Women May be From Venus, But They Want to Conquer MaRS
Earlier this year, I took up a summer start-up course at MaRS, (a public and private sector incubation space) to interrogate the idea of an erotic edutainment platform further. The Web is currently saturated with erotic content through the male lens. Women (and LGBT groups?) deserve a space where they can celebrate their sexuality and bodies in a fun, vibrant, provocative and intelligent way. Burlesque involves nudity which is a business most people don’t want to touch. There are few platforms for LGBT and women, an audience that most tech entrepreneurs aren’t catering to… at least without alienating heterosexual men.
The “Dirty Tech” Category
There was no box for this idea on the MaRS application form, there’s still no category for erotic media in most start-up hubs. Considering the phenomenal amount of innovation in porn, it’s quite shocking how stiff the start-up scene is towards sex tech. Frankly, all incubation space should explore a category for pleasure and erotic media. It is 2016 people.
In our first MaRS session, it was genuinely terrifying sharing with the group of fellow founders that I wanted to create an online platform for burlesque, exploring how physical in-theatre dance could be brought to life again through immersive technologies such as Virtual Reality (VR) and digital special effects. Amazingly, the MaRS team and my peers took me seriously and over the subsequent seven weeks — I got some great feedback on my idea as sketchy as it was.
A couple of people liked the idea of burlesque and VR so much that they said they could connect me with investors if I assembled a business plan. Which was great. Except that creating a business plan is hard. Obviously. But picking at something that competes with porn at the top of Maslow’s hierarchy of needs, rather than the bottom — is a tricky business for a number of reasons.
Burlesque in the theatre is definitely an art form and attracts an extremely diverse audience, although still largely female. Burlesque is also a striptease and the minute you take this online, it starts to brush against porn territory (hence some research into porn too). With burlesque I’m largely targeting women, with porn I’m largely targeting men.
There doesn’t appear to be any market data for burlesque anywhere. I’ve asked:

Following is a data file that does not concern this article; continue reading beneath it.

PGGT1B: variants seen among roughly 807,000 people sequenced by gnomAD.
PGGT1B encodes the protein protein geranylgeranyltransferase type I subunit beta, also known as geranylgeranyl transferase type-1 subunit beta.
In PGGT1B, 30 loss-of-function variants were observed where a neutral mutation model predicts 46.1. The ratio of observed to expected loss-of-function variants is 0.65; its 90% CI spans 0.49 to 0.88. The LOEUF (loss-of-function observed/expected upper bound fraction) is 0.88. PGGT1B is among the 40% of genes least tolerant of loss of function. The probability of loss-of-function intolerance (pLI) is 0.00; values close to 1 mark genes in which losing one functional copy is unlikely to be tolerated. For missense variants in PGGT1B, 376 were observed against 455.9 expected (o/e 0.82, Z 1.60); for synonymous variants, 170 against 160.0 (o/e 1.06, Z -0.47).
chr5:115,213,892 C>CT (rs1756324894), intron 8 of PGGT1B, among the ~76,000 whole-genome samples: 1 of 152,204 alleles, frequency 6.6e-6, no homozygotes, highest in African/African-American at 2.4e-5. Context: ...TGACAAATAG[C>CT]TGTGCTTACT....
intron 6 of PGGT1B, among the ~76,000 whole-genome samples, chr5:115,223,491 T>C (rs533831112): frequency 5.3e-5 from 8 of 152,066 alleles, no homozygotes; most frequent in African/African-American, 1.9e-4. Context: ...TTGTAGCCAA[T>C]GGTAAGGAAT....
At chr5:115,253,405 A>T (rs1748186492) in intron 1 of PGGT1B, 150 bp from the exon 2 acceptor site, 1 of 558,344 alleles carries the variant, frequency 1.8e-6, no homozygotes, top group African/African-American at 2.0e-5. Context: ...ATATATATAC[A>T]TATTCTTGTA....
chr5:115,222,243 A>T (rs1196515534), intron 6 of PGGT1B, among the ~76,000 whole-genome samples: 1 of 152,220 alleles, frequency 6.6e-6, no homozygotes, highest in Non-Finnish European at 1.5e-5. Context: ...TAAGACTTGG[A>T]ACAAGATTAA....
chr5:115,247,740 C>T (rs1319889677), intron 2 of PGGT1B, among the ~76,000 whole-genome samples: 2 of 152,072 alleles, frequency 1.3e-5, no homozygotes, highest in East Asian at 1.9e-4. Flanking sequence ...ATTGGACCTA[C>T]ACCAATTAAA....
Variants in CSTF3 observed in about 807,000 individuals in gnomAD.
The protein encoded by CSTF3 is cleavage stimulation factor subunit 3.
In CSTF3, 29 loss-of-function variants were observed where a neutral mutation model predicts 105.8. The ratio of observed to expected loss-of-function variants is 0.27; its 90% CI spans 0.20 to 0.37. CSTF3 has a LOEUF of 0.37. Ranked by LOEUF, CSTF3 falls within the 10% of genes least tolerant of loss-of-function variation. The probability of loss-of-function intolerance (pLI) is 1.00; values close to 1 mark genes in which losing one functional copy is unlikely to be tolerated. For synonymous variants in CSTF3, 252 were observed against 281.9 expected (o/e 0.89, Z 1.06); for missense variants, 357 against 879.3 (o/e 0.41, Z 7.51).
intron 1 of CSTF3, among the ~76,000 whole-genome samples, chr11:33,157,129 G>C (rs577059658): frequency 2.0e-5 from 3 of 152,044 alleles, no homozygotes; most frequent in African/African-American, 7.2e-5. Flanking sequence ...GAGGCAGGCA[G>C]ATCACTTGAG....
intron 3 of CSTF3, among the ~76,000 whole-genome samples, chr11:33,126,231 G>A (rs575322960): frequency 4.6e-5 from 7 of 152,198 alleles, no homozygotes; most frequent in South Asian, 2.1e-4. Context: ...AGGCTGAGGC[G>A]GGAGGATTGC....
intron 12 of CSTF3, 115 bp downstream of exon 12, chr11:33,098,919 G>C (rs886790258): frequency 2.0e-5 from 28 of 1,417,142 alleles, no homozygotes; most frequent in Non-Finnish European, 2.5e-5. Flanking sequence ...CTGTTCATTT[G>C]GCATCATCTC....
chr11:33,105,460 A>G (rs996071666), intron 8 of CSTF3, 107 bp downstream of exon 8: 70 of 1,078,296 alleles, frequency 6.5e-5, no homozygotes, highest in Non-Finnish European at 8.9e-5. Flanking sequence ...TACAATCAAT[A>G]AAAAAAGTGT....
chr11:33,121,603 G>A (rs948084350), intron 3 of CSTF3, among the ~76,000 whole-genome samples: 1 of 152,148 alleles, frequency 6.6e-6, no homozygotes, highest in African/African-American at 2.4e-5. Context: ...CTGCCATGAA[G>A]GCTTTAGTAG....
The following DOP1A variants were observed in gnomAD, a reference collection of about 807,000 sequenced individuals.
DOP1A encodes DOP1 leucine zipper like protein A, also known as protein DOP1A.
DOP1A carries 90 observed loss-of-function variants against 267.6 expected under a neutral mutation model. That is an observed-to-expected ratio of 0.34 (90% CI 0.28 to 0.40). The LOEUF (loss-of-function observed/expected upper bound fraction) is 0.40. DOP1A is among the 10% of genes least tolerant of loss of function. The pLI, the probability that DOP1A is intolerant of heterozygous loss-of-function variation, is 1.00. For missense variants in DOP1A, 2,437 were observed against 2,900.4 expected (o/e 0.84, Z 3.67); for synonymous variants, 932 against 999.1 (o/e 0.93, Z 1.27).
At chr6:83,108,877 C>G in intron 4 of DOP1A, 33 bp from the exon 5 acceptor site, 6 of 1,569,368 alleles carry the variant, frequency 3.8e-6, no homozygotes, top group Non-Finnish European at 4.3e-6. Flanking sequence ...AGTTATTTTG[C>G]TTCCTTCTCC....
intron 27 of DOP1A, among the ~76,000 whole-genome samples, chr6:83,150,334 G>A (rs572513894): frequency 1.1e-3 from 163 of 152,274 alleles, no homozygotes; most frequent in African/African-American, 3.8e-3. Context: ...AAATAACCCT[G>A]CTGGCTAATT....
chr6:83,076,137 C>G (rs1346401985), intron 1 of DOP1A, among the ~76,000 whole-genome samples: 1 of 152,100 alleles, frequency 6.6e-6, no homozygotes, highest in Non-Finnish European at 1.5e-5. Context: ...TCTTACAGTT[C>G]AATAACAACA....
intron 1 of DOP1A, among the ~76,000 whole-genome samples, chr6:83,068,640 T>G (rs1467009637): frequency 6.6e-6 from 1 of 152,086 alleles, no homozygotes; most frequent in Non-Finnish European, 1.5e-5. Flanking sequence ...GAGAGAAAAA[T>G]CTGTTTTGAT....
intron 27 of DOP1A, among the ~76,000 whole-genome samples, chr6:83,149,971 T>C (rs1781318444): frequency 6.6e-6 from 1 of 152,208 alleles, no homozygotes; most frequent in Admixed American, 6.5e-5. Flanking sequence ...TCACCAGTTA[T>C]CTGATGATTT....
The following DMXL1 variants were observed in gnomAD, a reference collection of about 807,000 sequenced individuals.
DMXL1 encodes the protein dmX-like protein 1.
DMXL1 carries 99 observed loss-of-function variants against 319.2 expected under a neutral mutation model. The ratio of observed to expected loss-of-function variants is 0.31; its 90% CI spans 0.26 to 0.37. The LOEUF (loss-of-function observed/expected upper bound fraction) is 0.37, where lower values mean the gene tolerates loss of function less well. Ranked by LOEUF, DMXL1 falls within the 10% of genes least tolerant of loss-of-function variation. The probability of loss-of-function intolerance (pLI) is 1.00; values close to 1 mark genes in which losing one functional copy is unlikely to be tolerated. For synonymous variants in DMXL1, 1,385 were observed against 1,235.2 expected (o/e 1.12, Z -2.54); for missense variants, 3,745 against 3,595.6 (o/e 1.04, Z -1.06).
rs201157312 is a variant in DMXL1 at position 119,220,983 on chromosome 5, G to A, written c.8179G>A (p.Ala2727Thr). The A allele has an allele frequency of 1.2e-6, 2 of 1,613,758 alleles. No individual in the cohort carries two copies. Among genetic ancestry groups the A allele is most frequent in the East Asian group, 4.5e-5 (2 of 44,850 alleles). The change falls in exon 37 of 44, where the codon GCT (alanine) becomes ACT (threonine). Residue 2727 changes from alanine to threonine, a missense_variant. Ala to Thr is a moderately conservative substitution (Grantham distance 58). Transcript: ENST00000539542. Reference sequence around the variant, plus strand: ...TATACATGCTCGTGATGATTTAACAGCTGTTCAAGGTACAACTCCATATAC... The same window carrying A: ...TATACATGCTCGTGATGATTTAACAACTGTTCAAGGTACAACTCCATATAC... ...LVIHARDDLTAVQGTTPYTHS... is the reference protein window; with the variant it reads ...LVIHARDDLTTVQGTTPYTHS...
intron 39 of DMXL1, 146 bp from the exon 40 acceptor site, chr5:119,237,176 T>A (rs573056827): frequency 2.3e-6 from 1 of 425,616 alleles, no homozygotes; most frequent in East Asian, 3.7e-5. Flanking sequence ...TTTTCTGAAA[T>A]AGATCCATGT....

- Burlesque producers in Canada and the States (noting also that there is no central way of communicating with this community),
- The MaRS research department in Toronto and…
- …spent many hours looking for this information online. Nada.
I went to VR conferences, workshops, exhibitions and meet-ups. I joined Facebook groups, signed up to numerous newsletters and everything I absorbed I played back in new conversations, constantly verifying experiences, opinions and insights. Sadly it seemed money was in grants and funding applications. Nobody was/is really making a living from VR (yet), although that doesn’t seem to make the space any less attractive to investors. I’m totally behind VR as an immersive experience, but still can’t see VR producers making much effort to join up the dots.
Dot 1) Whenever I wear at headset at a VR conference, workshop or gaming session — I become immediately conscious that my head is separated from my body and whilst I am immersed in one world, people are watching me in another. I am distracted and vulnerable, which makes me uncomfortable.
Dot 2) I don’t often see organizers wipe down headsets between users. That’s a bit icky.
Dot 3) VR is a faff. It’s a faff setting up, a faff strapping on the headset with girl-hair. It’s a faff when the technology breaks down (apparently regularly) and it’s a faff that technical support is separated from the user “no, I still can’t see anything. Oh wait. Nope, still nothing. Yes, I’ve pressed that. It says there’s an error message.”